The shadow holds the mysteries that keep us in the same old patterns of behaviour and in a reactionary and infantile state incapable of having our needs met. In BreakThrough’s seven step process we take a journey from our conscious beliefs to the unconscious beliefs that are played out over and over in our lives.  They are played out with our parents, our children, siblings, partners, bosses, our bodies, the list is infinite.

Once we see our limiting beliefs we are freed from the same old same, old patterns.  We can now choose and take the steps we needed to take all along but could not. This process is a deep way to parent ourselves and finally reveal what has been holding us back for so long.

Responsibility:

Responsibility is the ability to respond.  To be able to respond and have our needs met we first must take responsibility for our role in a conflict. To be the adult, to care for our child  self that never grew up, the child that was never able to face the hurtful wounds of childhood,  we must first take responsibility  for our lives as they are. Most often we blame and feel that we are justified for blaming the other for our experience of life. Though, blame only ensures that we remain a victim to everyone who does not behave the way we want him/her to behave! We put ourselves in a prison of our own making, lining the walls, unquestioningly, with the rules of our ancestors. We know very well that asking others to behave in ways to make “us” feel better is a Sisyphean task.

When we take responsibility, we can then deduce the beliefs we have about our experience and what triggers us.  BreakThrough does this by asking the catalyzing and honest questions that evoke deep-seated beliefs to rise to the surface and expose themselves for the culprits that they are.  The process is as liberating as it is adventurous for the leader as well as the participant.  Self-investigation through questioning elicits the hidden beliefs that have been limiting us and keeping us from living life as it was meant to be lived- Fully! The BreakThrough process is much like the parent taking the hand of their tiny child and gently bringing them into the world.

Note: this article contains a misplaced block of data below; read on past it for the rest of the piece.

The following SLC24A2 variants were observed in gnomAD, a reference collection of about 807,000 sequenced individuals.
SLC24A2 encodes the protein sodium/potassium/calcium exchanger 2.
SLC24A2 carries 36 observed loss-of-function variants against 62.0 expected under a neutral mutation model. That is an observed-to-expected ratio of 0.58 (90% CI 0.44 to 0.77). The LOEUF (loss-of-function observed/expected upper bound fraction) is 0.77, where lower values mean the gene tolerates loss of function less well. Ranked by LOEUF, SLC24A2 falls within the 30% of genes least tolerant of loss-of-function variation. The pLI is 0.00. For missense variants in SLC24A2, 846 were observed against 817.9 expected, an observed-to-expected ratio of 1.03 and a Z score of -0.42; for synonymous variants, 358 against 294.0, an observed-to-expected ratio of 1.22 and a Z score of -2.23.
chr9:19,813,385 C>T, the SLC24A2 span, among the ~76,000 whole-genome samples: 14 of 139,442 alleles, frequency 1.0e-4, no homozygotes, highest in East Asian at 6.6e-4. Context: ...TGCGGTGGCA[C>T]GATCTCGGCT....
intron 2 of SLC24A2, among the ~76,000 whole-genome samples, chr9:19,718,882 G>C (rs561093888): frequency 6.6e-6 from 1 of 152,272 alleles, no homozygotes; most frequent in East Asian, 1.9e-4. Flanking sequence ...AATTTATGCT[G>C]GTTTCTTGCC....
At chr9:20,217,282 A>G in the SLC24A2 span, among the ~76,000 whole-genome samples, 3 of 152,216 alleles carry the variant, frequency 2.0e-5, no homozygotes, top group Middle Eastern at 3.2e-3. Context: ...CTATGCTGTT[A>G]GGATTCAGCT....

Join us on this adventure of “awakening” that leads to Freedom!

Introductory Talks In Hong Kong – Everyone is welcome!

Date: Dec 1st, 2009

Time: 7pm-9pm

Location:Canadian International School of Hong Kong,             36 Nam Long Shan Road, Aberdeen, HK

And/or

Time: Dec 2nd, 2009

Time: 7pm-9pm

Location: Clifton, 33FL, 9 Queens Road, Central

Sign up for BreakThrough 1 Workshops.

Date:Dec 3rd & 4th, 2009.

Time: 9am-5pm

Location: Parc Palais, Club House L5, 18 Wylie Rd, Kowloon, HK

or

Date:Dec 4th & 5th, 2009

Time:9am-5pm

Location: 127 Repulse Bay, Club House

Contact: Angie Tourani

Email: angie@tourani.com

Ph: 668 35755

January 2010

BreakThrough 1

Location: New Age Shop

7 Old Bailey Road

SoHo, HOng Kong

Public Lecture: January 7th, 2009

Time: 7pm-9pm

Course to follow on the 9th and 10th of January 2010 .

Contact: Eve Chan

Email: enquiry@newageshop.com.hk

http://www.newageshop.com

Comparison

Comparison and Self-Ignorance

Comparison is a measure we use to judge ourselves against something that we believe we are or are not. Each time we compare ourselves to something that we should or should not be, we dismiss our needs.  This dismissal is tantamount to ignoring the requirements of our body, mind, and soul all the while supporting self-ignorance.